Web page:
Four Potential COVID-19 Therapeutics Enter Phase 2/3 Testing in NIH ACTIV-2 Trial
February 12, 2021 -- Enrollment has begun to test additional investigational drugs in the Accelerating COVID-19 Therapeutic Interventions and Vaccines (ACTIV) program. ACTIV is a public-private partnership program to create a coordinated research strategy that prioritizes and speeds development of promising COVID-19 treatments and vaccines. The new agents entering the randomized, placebo-controlled study are part of ACTIV-2, an adaptive trial designed to test investigational agents in non-hospitalized adult volunteers experiencing mild to moderate COVID-19 symptoms. ACTIV-2 is sponsored by the National Institute of Allergy and Infectious Diseases (NIAID), one of the National Institutes of Health, and is led by the NIAID-funded AIDS Clinical Trials Group (ACTG).
The added sub-studies will test four interventions for safety and efficacy:
- SNG001, an inhalable beta interferon delivered by nebulizer, (Synairgen);
- AZD7442, a long-acting monoclonal antibody combination that will be studied as both an infusion and an intramuscular injection (AstraZeneca);
- Camostat mesilate, an orally administered serine protease inhibitor that may block SARS-CoV-2, the virus that causes COVID-19, from entering cells (Sagent Pharmaceuticals).
The first volunteer enrolled in the SNG001 sub-study on February 10. The other agents under study are expected to begin enrolling participants soon.
If an investigational agent shows promise by demonstrating safety and reducing COVD-19 symptoms through 28 days following administration, the ACTIV-2 trial is designed to expand seamlessly from a Phase 2 to a Phase 3 study to gather additional critical data from a larger pool of volunteers without delay. Phase 2 studies in ACTIV-2 enroll up to 220 volunteers, while exact enrollment size of Phase 3 studies will vary depending on mode of administration of the investigational agent. The adaptive nature of the ACTIV-2 trial allows for comparison of multiple interventions with a shared group of placebo recipients. In addition to assessing safety and effect on COVID-19 symptoms, ACTIV-2 studies also assess whether an investigational agent can reduce the amount of SARS-CoV-2 virus detectable in the nasopharynx.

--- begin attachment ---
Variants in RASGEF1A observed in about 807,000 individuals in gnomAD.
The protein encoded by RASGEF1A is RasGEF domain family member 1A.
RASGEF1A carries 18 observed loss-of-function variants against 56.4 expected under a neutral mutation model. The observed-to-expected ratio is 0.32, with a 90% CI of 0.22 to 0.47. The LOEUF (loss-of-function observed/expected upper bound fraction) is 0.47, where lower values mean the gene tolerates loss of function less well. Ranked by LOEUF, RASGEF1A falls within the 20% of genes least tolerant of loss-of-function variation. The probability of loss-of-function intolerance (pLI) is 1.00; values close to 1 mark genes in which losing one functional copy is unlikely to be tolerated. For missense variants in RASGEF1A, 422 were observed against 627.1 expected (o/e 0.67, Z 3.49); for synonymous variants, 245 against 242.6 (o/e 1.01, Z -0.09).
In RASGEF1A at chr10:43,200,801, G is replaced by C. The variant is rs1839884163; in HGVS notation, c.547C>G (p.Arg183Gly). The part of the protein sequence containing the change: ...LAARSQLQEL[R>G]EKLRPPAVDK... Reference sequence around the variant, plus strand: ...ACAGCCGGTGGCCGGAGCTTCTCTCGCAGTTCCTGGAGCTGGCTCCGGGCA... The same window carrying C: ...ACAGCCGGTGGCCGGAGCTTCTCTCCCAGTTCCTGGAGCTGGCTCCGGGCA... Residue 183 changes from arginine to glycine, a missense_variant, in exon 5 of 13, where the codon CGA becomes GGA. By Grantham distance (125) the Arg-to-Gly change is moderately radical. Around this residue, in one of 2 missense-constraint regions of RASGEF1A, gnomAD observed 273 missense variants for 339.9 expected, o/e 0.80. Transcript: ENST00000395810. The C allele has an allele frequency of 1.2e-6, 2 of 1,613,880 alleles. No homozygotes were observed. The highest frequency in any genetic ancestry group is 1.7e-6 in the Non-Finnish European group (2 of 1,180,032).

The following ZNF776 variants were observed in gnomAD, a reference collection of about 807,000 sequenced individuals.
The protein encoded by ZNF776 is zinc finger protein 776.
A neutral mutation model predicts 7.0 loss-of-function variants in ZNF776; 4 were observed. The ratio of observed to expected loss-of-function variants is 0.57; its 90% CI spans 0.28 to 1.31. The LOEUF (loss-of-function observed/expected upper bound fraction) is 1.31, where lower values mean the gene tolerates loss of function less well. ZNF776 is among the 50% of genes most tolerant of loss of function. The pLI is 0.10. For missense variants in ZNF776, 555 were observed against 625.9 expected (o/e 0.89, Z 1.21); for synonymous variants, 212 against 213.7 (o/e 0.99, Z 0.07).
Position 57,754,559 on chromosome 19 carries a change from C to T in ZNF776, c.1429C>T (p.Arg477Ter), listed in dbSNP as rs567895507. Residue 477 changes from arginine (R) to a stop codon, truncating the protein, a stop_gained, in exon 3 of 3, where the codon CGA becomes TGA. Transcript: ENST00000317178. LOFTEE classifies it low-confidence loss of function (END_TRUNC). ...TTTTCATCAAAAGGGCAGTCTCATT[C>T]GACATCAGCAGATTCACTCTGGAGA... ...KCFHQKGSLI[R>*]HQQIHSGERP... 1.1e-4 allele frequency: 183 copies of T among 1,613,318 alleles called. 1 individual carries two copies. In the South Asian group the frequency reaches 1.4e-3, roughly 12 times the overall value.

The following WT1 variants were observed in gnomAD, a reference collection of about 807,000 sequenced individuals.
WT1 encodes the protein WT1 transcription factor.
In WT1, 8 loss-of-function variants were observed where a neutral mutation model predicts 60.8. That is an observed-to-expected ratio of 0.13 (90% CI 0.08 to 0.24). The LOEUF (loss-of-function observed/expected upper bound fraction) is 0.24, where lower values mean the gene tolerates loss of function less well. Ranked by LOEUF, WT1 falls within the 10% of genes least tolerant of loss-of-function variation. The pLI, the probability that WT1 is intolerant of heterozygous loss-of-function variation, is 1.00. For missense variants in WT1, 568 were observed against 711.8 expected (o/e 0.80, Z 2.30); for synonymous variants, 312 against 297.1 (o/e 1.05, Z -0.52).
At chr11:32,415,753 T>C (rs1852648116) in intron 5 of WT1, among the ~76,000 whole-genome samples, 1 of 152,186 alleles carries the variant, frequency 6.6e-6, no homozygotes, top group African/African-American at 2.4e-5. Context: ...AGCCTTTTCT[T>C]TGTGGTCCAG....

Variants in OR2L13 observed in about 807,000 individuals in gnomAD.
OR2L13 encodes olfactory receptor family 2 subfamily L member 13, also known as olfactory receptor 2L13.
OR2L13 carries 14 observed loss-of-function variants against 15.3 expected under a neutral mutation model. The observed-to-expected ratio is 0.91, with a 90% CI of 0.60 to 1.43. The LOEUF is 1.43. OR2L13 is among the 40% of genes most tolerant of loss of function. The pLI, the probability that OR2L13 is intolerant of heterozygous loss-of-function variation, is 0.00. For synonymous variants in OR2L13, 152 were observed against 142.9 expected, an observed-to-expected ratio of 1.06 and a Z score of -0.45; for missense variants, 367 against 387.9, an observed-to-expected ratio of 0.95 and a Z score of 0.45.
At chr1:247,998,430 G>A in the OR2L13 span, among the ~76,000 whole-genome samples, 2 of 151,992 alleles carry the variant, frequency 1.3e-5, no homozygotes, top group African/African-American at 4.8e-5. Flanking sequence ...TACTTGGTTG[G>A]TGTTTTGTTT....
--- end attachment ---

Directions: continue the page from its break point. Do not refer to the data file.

To qualify for ACTIV-2, participants must have tested positive for SARS-CoV-2 in the outpatient setting within 10 days and started experiencing symptoms within eight days of enrolling. Participants eligible for the AZD7442 infusion study must have a risk factor that puts them at higher probability of progressing to severe COVID-19. These include being age 60 or older, a current smoker, or having one of the following conditions: chronic lung, kidney, or liver disease; obesity, hypertension, cardiovascular disease, diabetes, current cancer or immunosuppression. Participants eligible for the other agents may be at higher or lower risk for progressing to severe COVID-19.
On Aug. 4, 2020, NIAID announced the launch of ACTIV-2, which initially tested LY-CoV555, a monoclonal antibody made by Eli Lilly and Company. On Nov. 10, 2020, LY-CoV555, also known as bamlanivimab, was granted Emergency Use Authorization by the U.S. Food and Drug Administration(link is external) for treating mild-to-moderate COVID-19 in adults and children over 12 years old who are at high risk for progressing to severe COVID-19 and/or hospitalization. An ACTIV-2 study testing BRII-196 and BRII-198, investigational neutralizing monoclonal antibodies manufactured by Brii Biosciences (Durham, North Carolina, and Beijing), was announced by NIAID on Jan. 5, 2021, and is continuing to enroll volunteers.
To ensure that the trial is being conducted in a safe and effective manner, an independent data and safety monitoring board oversees the trial and periodically reviews the accumulating data.
The study team is led by protocol co-chairs Davey Smith, M.D., of the University of California, San Diego, and Kara W. Chew, M.D., M.S., of the University of California, Los Angeles (UCLA). David Alain Wohl, M.D., of the University of North Carolina at Chapel Hill (UNC), and Eric S. Daar, M.D., UCLA, serve as protocol vice-chairs. The ACTG network is led by chair Judith Currier, M.D., M.Sc., (UCLA) and co-chair Joseph Eron, M.D. (UNC).
For more information on this study, please visit www.riseabovecovid.org(link is external), or visit ClinicalTrials.gov and search identifier NCT04518410.
NIAID conducts and supports research — at NIH, throughout the United States, and worldwide — to study the causes of infectious and immune-mediated diseases, and to develop better means of preventing, diagnosing and treating these illnesses. News releases, fact sheets and other NIAID-related materials are available on the NIAID website.
About the National Institutes of Health (NIH): NIH, the nation's medical research agency, includes 27 Institutes and Centers and is a component of the U.S. Department of Health and Human Services. NIH is the primary federal agency conducting and supporting basic, clinical, and translational medical research, and is investigating the causes, treatments, and cures for both common and rare diseases. For more information about NIH and its programs, visit www.nih.gov.
Posted: February 2021